"The profitability of Bt cotton on a specific farm in a given year is an absolute function of the infestation level of the tobacco budworm and, to a lesser extent, the cotton bollworm," says Fred Cooke, agricultural economist at Delta Research and Extension Center at Stoneville.
An on-farm study conducted from 1997 to 2000 and involving 54 Mississippi farms revealed no significant differences in the costs and yields of a Bt cotton insect system and a conventional system.
Over the four years, the Bt system averaged 872 pounds with insecticide costs of $88.08 per acre. The non-Bt system averaged 881 pounds at a cost of $90.73, according to Steve Martin, agricultural economist at Delta Research and Extension Center in Stoneville, Miss. A similar study conducted by the University of Arkansas’ Kelly Bryant found a break-even situation in the cost of Bt versus conventional cotton.
Biotechnology adoption rates continue to increase for several reasons, says Martin, including the convenience of the biotech systems and the available varieties. "Bankers, especially in marginal cash-flow situations, may prefer transgenic varieties for risk management reasons.
“Those insurance and risk reduction factors are difficult to measure economically," he says. "Increased competition hopefully will bring down the cost of transgenic crops."
The economics of transgenic varieties, Martin says, depend, for the most part, on pest pressure. "If you look at it strictly from a budget standpoint, it's a break-even situation. But, the transgenic systems may provide more intangible benefits that are valuable to growers," he says.
Although consumers think of corn more than soybeans as a food item, the bigger issue with biotech crops may be consumer acceptance. "Remember – cotton is something we put on the outside, not in our mouths," Martin says.
Transgenic crops are nothing more than an excellent risk management tool, says Roger Carter of Agricultural Management Services in Clayton, La. It's difficult to compare the costs of transgenic and conventional cotton varieties because of variables such as yield, loan value, labor and other expenses, he says.
"We know – but we can't prove – that there has been a yield and quality drag with transgenics, but I believe that will be overcome in the future,” he says. “Transgenic varieties are a good tool, but it's a tool that can be mismanaged.”
The introduction in 1996 of biotechnology in the United States spurred a "huge amount" of soybean production, says Jerry Slocum, a Tate County, Miss., soybean grower and member of the United Soybean Board.
Biotechnology lowered the cost of inputs by decreasing labor and the time needed to control weeds in soybeans, he says. "Roundup Ready soybeans have been a primary factor in America's increase of no-till soybean acres since 1996. As a result of the large amount of U.S. soybean acres in no-till during 2002, the drought caused a smaller reduction in total production than previous U.S. droughts of the same severity."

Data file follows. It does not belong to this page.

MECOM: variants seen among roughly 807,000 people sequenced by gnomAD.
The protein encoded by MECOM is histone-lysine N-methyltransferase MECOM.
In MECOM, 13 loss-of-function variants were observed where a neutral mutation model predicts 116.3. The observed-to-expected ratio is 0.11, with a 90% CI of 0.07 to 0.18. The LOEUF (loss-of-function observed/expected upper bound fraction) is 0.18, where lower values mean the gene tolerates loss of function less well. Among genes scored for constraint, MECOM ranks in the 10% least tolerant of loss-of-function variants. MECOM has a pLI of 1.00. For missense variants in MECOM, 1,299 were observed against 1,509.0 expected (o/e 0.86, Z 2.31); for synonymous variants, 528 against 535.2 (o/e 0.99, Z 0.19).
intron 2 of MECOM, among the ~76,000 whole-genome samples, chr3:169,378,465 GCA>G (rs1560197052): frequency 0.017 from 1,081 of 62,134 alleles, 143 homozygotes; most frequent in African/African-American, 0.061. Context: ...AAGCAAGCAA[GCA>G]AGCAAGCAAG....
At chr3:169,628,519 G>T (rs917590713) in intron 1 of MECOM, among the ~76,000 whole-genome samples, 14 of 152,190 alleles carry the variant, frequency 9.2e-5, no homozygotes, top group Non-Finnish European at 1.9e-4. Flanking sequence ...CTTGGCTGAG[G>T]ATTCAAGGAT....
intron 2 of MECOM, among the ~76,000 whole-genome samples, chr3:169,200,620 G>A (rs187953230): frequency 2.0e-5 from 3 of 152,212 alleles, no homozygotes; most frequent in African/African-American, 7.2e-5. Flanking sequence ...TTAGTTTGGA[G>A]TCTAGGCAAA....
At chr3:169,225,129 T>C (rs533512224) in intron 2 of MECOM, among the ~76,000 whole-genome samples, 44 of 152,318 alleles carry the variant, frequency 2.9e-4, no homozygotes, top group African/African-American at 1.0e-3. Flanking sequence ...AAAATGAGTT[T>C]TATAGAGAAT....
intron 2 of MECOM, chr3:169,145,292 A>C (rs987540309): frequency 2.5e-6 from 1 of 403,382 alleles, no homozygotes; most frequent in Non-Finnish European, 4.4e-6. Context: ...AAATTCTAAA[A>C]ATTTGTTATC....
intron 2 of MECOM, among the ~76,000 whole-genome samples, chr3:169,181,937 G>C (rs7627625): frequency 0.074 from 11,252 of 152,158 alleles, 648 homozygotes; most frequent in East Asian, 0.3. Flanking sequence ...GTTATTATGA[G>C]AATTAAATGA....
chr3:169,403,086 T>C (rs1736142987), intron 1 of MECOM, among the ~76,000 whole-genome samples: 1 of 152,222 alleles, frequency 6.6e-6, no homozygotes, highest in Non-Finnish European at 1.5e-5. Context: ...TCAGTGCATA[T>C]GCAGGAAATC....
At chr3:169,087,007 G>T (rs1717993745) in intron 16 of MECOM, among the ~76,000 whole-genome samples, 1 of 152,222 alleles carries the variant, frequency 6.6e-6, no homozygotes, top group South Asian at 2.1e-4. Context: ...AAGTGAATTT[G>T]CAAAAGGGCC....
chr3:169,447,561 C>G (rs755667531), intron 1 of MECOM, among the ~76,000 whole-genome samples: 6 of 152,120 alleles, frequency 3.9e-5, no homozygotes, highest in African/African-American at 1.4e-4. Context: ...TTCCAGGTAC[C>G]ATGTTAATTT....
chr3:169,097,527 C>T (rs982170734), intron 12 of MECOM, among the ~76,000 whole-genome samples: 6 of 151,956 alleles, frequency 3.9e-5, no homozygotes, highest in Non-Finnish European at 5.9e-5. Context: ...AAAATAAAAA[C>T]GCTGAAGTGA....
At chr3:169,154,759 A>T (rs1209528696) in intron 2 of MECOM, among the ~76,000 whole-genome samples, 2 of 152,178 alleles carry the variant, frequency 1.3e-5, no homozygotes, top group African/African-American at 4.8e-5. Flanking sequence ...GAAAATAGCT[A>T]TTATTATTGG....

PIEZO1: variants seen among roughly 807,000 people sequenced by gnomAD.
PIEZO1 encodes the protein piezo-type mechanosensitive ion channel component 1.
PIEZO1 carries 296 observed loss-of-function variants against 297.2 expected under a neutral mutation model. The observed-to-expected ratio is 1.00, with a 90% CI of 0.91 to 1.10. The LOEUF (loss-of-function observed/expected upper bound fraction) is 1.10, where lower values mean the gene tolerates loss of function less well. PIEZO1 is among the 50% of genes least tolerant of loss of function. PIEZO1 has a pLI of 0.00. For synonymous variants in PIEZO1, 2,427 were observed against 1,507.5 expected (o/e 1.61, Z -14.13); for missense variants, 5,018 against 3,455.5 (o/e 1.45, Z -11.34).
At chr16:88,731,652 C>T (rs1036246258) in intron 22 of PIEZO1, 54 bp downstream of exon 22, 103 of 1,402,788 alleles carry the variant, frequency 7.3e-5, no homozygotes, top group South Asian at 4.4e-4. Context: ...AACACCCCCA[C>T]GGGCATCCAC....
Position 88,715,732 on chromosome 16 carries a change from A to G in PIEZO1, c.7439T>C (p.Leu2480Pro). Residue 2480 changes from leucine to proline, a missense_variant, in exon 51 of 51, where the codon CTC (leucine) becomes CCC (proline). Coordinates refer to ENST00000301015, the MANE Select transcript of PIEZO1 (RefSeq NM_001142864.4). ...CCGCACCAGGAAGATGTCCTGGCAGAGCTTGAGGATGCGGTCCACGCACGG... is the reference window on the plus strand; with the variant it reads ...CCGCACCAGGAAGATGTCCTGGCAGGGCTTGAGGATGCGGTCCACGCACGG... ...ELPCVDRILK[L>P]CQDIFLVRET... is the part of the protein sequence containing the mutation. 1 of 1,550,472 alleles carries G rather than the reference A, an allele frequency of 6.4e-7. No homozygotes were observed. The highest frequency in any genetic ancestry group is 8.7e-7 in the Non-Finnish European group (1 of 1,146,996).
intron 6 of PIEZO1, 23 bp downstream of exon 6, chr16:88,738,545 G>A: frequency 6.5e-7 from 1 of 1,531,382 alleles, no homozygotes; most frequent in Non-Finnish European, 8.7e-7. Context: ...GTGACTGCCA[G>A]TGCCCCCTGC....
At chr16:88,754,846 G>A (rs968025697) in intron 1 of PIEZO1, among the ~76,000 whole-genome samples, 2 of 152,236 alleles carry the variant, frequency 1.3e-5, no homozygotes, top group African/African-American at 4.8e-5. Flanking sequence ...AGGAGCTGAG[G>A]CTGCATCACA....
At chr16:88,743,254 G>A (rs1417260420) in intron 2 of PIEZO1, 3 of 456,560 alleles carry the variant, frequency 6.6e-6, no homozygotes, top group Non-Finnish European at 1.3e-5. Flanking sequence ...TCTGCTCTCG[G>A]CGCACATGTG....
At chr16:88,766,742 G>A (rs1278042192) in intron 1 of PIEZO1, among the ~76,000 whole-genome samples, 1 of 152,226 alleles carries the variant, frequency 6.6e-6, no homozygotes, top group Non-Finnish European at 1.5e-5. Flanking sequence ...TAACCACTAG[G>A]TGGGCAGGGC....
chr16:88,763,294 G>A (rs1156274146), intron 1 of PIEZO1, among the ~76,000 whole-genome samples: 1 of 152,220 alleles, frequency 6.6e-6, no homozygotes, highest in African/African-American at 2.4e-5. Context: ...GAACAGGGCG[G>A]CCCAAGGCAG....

In Argentina, says Slocum, a professor of plant biotechnology says his country has decreased pesticide use by one-third and doubled production since the adoption of Roundup Ready technology.
Biotechnology, Slocum believes, enhances the quality of the crops marketed and creates future opportunities for new value-added crops. He plants all Roundup Ready soybeans on his farm.
"In our Delta soils, Roundup Ready technology lets us get into the field and plant in a more timely manner,” he notes. “We've adopted Roundup Ready technology because it makes sense for our operation. The real economics of agriculture includes the price for which you can sell your commodity, and whether you can sell it at all. The cost of growing a crop doesn't matter if you can't sell it."
Soybeans cannot be kept segregated, says Slocum, so the industry took a proactive role in educating the public and guaranteeing future markets. The overseas biotechnology communications effort costs about $1 million per year and covers all biotech crops. The results have been impressive with three years of record soybean exports and 2003 currently running at a record pace.
Other crops are also reaping the benefits of the soybean industry’s educational efforts. For example, the industry has showcased the reduction in pesticide use with Bt cotton and the quality improvement due to less damage in Bt corn.
Commodity groups can’t do it all, though. "Companies must be responsible in their development of transgenic crops," says Slocum. "They should insure that only approved varieties are released to the marketplace, which has been the case with soybeans but not with corn.”
A failure to heed that caution, he says, resulted in a decrease in corn exports, losing the European Union market and reducing marketing in places like Japan and South Korea. Taiwan now is buying Chinese corn, he adds.
"Some of these market problems are because of cost, but a lot of it is due to non-approved varieties,” he says. “Growers are so production-oriented that we'll give it a try sometime even to our detriment."
The biotechnology industry is continuing to move forward in the farm commodities arena, says John Anderson of Monsanto. The benefits of biotech crops, he says, include increased yields, lower operating costs, enhanced water conservation, reduced soil erosion and decreased pesticide spraying. In addition, biotechnology has enabled growers to adopt conservation tillage at a faster rate.
"The value is in the time you save by using this technology. That's why people adopt biotechnology. It creates values that may never show up in a budget analysis," says Anderson.
Adds Carter, “Transgenics are here to stay, so we might as well get used to it and learn to work around it. But until the price of cotton goes up, it'll be difficult no matter which production system you choose. The bottom line is that we've got to pick, gin, sell and deliver a profitable crop."